Organisms Diversity & Evolution

, Volume 12, Issue 1, pp 17–37 | Cite as

Using haplotype networks, estimation of gene flow and phenotypic characters to understand species delimitation in fungi of a predominantly Antarctic Usnea group (Ascomycota, Parmeliaceae)

  • Nora Wirtz
  • Christian Printzen
  • H. Thorsten LumbschEmail author
Original Article


Species delimitations in the predominantly Antarctic and South American group of neuropogonoid species of the lichen-forming fungal genus Usnea are poorly understood. Morphological variability has been interpreted as a result of harsh ecological conditions, but preliminary molecular data have led to doubts about the current species delimitations in these lichenized fungi. We examined species boundaries using a phylogenetic approach and a cohesion species recognition method generating haplotype networks and looking at associations of phenotypic characters with clades found in the networks. In addition, we estimated gene flow among detected clades and currently circumscribed species. We identified several clades that were significantly associated with phenotypic characters, but did not necessarily agree with current species circumscriptions. In one case (U. aurantiaco-atra/U. antarctica), network analysis and the estimation of gene flow provided no evidence of distinct species. The distinctness of another species pair (U. subantarctica/U. trachycarpa) remains dubious, showing evidence for gene flow among currently accepted species.


Lichens Usnea Species delimitation Cohesion species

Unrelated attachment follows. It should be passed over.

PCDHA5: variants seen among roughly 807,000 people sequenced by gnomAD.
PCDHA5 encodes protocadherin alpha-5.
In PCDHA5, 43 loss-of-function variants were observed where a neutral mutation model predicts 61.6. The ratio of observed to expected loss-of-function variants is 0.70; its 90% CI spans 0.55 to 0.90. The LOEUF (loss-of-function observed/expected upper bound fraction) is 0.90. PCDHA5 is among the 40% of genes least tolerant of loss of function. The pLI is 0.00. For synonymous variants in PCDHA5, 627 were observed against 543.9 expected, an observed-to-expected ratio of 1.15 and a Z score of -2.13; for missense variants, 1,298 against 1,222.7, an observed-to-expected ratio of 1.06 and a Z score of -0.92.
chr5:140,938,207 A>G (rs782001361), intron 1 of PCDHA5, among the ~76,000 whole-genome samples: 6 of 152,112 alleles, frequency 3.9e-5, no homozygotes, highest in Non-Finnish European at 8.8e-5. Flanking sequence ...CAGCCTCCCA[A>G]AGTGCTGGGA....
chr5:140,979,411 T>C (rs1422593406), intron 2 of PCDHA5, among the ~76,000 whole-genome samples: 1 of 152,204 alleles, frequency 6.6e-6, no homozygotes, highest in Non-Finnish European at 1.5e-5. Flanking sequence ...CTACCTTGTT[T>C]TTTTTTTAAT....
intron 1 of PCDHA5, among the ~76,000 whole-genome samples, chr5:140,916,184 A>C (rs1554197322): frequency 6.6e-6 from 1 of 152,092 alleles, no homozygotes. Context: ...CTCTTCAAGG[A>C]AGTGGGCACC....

The authors would like to thank all colleagues who provided fresh lichen material for this study. N,W, is indebted to María Inés Messuti, Andrés Diehl and Gernot Vobis (all S.C. de Bariloche, Argentina) for organizing and performing a field trip to Tierra del Fuego. N.W. and H.T.L. are grateful to Asuncion Cano and Angel Ramirez (Lima) for organizing and conducting a field trip to Huascaran NP in Peru and to the Women’s Board of the Field Museum in Chicago for financially supporting the trip. Most of the laboratory work was done at the Pritzker Laboratory for Molecular Systematics at the Field Museum. Financial support for this project was allocated by the Deutsche Forschungsgemeinschaft (DFG grant to H.T.L. and C.P.), the National Science Foundation (DEB-0949147, PI: HTL), a scholarship of the DAAD (German Exchange Service) to N.W., and a grant of the Women’s Board of the Field Museum.

Supplementary material

13127_2011_66_MOESM1_ESM.doc (580 kb)
ESM 1 (DOC 580 kb)


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Copyright information

© Gesellschaft für Biologische Systematik 2011

Authors and Affiliations

  • Nora Wirtz
    • 1
    • 4
  • Christian Printzen
    • 2
    • 3
  • H. Thorsten Lumbsch
    • 1
    Email author
  1. 1.Department of BotanyThe Field MuseumChicagoUSA
  2. 2.Abteilung Botanik und Molekulare EvolutionsforschungForschungsinstitut SenckenbergFrankfurt/MainGermany
  3. 3.Biodiversität und Klima ForschungszentrumFrankfurt/MainGermany
  4. 4.11 Grosvenor MountLeedsUK

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